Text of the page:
The ‘naturalizing’ agenda that dominates contemporary secularist philosophy is often presented in opposition to the outlook of traditional theism. But a look at the philosophical history of the terms ‘nature’ and ‘natural’ reveals a radical discontinuity between how these terms are currently understood and how they were understood in the past. The modern ‘naturalist’, in insisting that all phenomena should be brought within the domain of the natural, is advancing a thesis that many classical, medieval and early-modern philosophers and theologians would have regarded as pretty much self-evident. What has changed is not that there is a new determination to include within the natural domain what was previous excluded from it, but rather that there has been a radical shift in how the natural domain is to be understood. This paper will argue that the philosophically interesting question in this area is not whether or not we should be naturalists, but which of two naturalisms we should adopt: secular naturalism, with its neutralist conception of the domain of nature in general and of our own human nature in particular, or theistic naturalism, according to which both the natural world and our own nature bear the stamp of the divine. Perhaps surprisingly, it turns out the former (secularist) view is vulnerable to serious difficulties, on both the epistemic and the moral fronts.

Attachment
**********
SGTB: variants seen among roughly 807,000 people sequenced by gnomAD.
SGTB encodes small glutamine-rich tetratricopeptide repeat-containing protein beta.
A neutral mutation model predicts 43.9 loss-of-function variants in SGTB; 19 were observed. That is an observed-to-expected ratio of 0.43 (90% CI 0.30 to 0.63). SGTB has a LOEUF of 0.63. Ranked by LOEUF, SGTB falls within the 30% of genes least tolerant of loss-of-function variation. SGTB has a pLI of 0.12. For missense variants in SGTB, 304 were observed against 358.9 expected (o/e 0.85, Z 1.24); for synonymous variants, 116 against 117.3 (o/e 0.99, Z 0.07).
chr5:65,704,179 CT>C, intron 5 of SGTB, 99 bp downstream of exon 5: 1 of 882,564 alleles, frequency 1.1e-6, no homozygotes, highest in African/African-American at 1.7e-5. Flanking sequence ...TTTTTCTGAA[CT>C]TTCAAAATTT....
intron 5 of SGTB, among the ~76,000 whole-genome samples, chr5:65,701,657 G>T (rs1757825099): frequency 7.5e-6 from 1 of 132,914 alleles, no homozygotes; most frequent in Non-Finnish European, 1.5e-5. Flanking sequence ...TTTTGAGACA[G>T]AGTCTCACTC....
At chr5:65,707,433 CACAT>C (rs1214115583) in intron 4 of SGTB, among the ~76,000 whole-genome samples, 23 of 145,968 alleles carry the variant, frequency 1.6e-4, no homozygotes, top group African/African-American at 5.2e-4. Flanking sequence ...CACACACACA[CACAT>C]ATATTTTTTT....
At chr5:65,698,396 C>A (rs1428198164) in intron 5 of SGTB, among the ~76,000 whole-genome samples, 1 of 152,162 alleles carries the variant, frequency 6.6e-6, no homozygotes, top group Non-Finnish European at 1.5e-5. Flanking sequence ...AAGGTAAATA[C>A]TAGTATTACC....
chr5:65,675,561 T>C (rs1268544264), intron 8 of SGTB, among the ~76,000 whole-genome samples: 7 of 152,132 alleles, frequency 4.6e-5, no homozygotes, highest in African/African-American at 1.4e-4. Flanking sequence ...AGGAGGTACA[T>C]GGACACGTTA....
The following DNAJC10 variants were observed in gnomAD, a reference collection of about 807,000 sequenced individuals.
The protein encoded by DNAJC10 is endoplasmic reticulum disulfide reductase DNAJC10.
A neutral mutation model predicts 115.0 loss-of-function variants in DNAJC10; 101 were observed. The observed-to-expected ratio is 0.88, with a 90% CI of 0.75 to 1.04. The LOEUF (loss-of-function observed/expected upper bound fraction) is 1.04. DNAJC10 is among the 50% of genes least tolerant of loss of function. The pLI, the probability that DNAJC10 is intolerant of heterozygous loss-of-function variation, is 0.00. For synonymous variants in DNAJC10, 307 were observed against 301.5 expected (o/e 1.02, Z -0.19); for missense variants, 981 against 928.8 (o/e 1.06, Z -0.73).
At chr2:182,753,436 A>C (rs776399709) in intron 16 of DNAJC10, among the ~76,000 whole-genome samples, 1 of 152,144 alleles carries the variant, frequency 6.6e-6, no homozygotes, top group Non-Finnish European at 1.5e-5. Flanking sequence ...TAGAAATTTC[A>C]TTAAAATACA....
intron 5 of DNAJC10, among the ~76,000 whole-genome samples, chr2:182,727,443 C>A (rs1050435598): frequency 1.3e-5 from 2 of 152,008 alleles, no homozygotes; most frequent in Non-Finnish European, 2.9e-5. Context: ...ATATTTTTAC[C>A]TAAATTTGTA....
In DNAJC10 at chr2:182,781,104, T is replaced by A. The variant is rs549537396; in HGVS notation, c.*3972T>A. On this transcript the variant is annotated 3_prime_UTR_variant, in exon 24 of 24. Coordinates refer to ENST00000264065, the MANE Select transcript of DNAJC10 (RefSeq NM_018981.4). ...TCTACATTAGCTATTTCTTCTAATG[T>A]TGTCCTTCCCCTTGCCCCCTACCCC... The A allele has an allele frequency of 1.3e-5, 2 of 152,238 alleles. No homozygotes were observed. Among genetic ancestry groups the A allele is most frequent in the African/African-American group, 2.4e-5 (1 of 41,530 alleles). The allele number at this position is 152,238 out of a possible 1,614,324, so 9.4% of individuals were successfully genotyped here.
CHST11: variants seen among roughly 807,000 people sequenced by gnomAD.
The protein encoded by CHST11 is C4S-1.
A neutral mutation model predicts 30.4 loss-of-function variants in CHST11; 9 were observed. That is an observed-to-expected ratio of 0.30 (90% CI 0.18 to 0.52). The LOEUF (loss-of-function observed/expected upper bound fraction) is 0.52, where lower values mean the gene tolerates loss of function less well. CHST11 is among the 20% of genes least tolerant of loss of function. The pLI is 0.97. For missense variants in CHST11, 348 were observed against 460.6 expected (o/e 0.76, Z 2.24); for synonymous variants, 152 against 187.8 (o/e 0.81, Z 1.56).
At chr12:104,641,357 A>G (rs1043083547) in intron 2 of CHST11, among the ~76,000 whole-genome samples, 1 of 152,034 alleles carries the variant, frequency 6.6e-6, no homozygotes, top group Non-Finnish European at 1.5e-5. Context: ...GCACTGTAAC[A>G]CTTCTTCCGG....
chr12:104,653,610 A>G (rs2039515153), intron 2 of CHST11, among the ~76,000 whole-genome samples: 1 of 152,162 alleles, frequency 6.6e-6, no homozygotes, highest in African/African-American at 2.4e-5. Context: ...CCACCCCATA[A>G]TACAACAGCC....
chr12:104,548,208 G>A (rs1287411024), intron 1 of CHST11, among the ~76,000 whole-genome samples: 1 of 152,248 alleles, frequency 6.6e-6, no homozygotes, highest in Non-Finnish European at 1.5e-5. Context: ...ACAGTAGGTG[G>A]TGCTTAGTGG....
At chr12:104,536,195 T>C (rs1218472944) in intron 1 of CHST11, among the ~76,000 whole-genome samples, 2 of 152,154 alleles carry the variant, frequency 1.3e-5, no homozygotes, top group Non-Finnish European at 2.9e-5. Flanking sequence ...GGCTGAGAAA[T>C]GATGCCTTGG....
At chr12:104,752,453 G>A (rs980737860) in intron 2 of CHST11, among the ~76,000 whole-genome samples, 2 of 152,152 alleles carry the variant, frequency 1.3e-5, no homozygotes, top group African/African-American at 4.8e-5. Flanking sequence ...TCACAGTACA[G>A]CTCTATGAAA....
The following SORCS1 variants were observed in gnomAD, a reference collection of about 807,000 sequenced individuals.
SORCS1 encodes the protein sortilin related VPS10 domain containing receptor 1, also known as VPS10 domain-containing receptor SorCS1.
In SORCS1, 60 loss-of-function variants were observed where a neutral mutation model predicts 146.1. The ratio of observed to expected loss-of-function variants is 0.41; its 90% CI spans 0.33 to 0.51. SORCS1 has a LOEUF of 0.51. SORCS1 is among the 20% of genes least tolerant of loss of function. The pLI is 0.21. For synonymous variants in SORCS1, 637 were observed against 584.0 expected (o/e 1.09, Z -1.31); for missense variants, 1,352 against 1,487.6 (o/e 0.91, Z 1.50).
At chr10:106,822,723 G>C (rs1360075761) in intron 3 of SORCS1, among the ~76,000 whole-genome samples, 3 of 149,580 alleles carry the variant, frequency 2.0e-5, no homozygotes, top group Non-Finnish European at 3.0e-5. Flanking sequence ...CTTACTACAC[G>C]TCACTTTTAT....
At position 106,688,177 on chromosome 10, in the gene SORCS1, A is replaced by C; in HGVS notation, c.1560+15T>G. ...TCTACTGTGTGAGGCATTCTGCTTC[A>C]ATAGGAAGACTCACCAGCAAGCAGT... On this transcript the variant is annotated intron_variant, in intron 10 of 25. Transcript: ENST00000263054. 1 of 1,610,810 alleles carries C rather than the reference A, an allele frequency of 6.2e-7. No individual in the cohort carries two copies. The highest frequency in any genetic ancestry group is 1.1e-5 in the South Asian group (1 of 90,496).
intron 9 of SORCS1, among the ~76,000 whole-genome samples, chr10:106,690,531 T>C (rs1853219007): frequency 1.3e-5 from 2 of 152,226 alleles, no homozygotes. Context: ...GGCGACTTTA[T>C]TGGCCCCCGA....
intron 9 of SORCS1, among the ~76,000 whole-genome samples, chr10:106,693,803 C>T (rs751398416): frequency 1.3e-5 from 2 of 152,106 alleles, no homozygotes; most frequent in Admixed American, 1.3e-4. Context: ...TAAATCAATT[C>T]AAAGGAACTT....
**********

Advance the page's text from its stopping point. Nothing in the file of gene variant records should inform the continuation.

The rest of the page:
1. The shifting concept of the natural

2. Nature and the supernatural

3. Enframing

4. Human nature

5. Conclusion: so which naturalism?

The registration of the talk is available here.

23.04.2021 17:00 CEST Fiona Ellis (University of Roehampton, London)

Desire and the Meaning of Life